June 11, 2009
Every day, we learn more about HIV and how to fight it. But every day, more than five thousand people still die from AIDS, most of them in the developing world. Many more die from malaria, tuberculosis and other diseases that are virtually non-existent in wealthy countries, such as the U.S. and most of Western Europe.
There may be no starker example of this tragic fact than that of Thembi Ngubane, an inspiring and outspoken HIV-positive activist from South Africa. Although she was one of the fortunate people in South Africa to be taking HIV medications, she lost her life on June 4, shortly after she was diagnosed with drug-resistant tuberculosis, which is on the rise in Africa. She was only 24 years old.
Thembi's story, though it's dozens of years shorter than she deserved, is still a remarkable one. She was diagnosed with HIV when she was only 16 and South Africa was ruled by officials who were reluctant to acknowledge that HIV was a problem that warranted tackling on a massive scale, even as infection numbers skyrocketed and people died by the tens of thousands.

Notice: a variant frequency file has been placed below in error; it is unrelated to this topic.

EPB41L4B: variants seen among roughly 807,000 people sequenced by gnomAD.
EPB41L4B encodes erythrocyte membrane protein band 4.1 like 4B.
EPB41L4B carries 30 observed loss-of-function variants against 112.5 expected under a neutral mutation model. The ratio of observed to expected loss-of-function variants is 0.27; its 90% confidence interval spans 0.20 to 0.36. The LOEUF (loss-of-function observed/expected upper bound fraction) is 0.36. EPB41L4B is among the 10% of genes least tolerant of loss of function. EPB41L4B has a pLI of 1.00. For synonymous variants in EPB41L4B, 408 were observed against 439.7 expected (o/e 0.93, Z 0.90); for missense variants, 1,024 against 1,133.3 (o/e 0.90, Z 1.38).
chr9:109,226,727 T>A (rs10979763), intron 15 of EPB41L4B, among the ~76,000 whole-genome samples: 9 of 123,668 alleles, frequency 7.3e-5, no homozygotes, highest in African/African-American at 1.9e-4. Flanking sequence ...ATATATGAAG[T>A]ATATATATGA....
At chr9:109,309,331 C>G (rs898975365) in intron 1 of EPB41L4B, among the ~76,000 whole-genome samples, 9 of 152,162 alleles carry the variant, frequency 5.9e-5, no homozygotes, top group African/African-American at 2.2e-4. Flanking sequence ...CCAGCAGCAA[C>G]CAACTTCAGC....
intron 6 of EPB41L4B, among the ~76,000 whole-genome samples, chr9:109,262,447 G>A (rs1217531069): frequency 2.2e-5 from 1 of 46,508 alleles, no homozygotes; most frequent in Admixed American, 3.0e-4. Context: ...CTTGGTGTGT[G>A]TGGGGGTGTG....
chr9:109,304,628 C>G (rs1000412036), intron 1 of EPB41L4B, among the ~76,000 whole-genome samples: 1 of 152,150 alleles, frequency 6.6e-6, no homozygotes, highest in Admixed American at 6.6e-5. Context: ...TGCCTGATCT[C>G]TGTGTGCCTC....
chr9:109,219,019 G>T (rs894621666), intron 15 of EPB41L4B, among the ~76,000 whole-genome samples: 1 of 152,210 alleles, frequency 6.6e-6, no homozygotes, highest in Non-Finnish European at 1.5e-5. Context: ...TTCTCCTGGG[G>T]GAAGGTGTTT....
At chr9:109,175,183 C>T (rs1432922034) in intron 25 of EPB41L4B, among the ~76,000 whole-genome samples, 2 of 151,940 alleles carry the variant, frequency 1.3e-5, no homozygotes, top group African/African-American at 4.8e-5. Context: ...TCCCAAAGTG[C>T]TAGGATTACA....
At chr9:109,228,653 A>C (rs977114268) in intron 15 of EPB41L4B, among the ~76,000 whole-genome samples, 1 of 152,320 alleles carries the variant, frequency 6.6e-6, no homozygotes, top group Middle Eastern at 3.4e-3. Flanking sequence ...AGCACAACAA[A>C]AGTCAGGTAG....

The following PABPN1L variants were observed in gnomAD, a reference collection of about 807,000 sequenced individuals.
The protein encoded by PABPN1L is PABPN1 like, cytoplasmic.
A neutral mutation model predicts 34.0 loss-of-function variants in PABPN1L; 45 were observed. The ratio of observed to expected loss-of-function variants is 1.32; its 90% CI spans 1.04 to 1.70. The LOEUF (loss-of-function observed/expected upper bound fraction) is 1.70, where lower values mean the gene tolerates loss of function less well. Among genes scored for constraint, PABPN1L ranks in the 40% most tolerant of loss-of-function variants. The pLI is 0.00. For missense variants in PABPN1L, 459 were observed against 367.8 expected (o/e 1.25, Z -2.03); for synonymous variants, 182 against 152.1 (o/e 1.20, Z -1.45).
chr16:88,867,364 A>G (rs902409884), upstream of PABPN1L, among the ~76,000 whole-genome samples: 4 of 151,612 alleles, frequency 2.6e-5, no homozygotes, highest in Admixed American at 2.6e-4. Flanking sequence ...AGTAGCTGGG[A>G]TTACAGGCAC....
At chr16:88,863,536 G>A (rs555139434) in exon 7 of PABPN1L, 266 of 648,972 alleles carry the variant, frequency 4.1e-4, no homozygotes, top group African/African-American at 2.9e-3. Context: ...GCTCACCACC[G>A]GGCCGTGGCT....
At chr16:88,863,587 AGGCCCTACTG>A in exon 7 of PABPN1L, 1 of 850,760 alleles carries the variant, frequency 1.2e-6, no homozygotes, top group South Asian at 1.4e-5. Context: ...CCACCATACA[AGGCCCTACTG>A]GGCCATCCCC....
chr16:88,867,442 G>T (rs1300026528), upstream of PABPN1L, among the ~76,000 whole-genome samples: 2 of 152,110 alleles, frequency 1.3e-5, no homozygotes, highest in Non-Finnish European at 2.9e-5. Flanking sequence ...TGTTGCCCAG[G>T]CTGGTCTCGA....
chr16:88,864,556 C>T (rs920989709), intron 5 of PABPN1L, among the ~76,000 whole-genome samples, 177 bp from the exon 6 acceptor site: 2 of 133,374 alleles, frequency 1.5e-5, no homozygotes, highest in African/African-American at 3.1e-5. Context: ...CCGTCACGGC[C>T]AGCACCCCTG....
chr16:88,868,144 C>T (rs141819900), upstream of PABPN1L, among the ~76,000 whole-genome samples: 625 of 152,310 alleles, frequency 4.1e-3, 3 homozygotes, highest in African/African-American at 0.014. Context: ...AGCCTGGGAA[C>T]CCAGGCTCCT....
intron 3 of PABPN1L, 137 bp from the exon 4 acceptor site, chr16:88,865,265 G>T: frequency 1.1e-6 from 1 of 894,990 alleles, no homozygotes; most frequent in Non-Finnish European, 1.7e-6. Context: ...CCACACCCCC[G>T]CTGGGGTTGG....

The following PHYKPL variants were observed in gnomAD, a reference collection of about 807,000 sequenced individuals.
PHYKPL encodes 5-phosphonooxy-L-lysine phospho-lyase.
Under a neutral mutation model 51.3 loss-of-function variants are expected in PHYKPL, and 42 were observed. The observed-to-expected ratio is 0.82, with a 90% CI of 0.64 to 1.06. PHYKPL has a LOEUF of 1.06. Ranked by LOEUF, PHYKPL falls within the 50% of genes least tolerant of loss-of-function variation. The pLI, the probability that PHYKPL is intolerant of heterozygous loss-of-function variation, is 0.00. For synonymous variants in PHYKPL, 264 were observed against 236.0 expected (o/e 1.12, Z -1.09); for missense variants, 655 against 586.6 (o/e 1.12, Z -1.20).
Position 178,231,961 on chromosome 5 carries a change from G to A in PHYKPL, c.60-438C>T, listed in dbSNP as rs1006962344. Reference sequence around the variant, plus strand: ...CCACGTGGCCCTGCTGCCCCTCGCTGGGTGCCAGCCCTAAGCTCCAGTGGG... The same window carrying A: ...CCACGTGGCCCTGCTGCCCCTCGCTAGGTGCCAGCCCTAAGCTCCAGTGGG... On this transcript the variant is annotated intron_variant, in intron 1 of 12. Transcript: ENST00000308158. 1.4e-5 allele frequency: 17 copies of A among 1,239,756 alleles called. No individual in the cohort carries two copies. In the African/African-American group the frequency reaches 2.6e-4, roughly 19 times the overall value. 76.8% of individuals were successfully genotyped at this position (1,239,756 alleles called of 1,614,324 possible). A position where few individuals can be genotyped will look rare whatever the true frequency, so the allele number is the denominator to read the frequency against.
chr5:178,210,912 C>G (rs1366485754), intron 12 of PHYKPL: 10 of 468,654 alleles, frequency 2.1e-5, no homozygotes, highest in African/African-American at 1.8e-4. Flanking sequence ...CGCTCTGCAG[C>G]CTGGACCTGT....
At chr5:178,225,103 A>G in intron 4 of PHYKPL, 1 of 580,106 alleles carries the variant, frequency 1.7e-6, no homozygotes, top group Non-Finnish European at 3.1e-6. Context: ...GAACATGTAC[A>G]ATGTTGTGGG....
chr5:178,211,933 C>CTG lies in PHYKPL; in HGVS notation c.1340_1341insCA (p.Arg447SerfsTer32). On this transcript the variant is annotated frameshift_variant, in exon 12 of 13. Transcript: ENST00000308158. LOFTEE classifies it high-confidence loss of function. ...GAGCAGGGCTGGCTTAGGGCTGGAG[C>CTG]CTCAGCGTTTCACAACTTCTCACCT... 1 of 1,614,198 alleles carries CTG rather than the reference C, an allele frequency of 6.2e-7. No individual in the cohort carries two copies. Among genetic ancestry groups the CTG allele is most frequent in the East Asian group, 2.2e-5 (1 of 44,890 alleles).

Three years after her diagnosis, National Public Radio handed Thembi a tape recorder, and everything changed. During 2004 and 2005, she recorded a now-famous diary of what it was like to live with HIV in South Africa, which is currently home to an estimated 5.7 million HIV-positive people. After her diary was broadcast on National Public Radio in 2006, Thembi became one of the few South African women to speak openly about living with HIV. That year, she traveled to the U.S. to speak to high-school students, and in 2008 she co-chaired a major session at the International AIDS Conference in Mexico City. While she was there, TheBody.com was fortunate enough to talk to her about her diagnosis, her daughter, her initial struggles with disclosure and her newfound life in HIV activism.
Thembi leaves behind a legion of admirers, her partner Melikhaya and her 3-year-old daughter Onwabo, who is HIV negative.
Thembi's death isn't just a tragic loss for the global HIV community or for women in South Africa. It's also an incredibly painful reminder that, for all that we in the United States and other rich nations still have to deal with in our fight against HIV, it's nothing compared to what's happening in places like Africa. Thembi had HIV, but HIV didn't kill her. Tuberculosis killed her -- and it still kills 1.3 million people per year throughout the world, many of whom were HIV positive and living in developing nations. (It's also a disease that's actually becoming harder to treat due to the spread of drug-resistant strains.)
If your life was touched by Thembi, either directly or by example, we hope you'll leave your thoughts in the comment section on this page. You may also want to listen to or read this eulogy of Thembi by Joe Richman for National Public Radio's All Things Considered.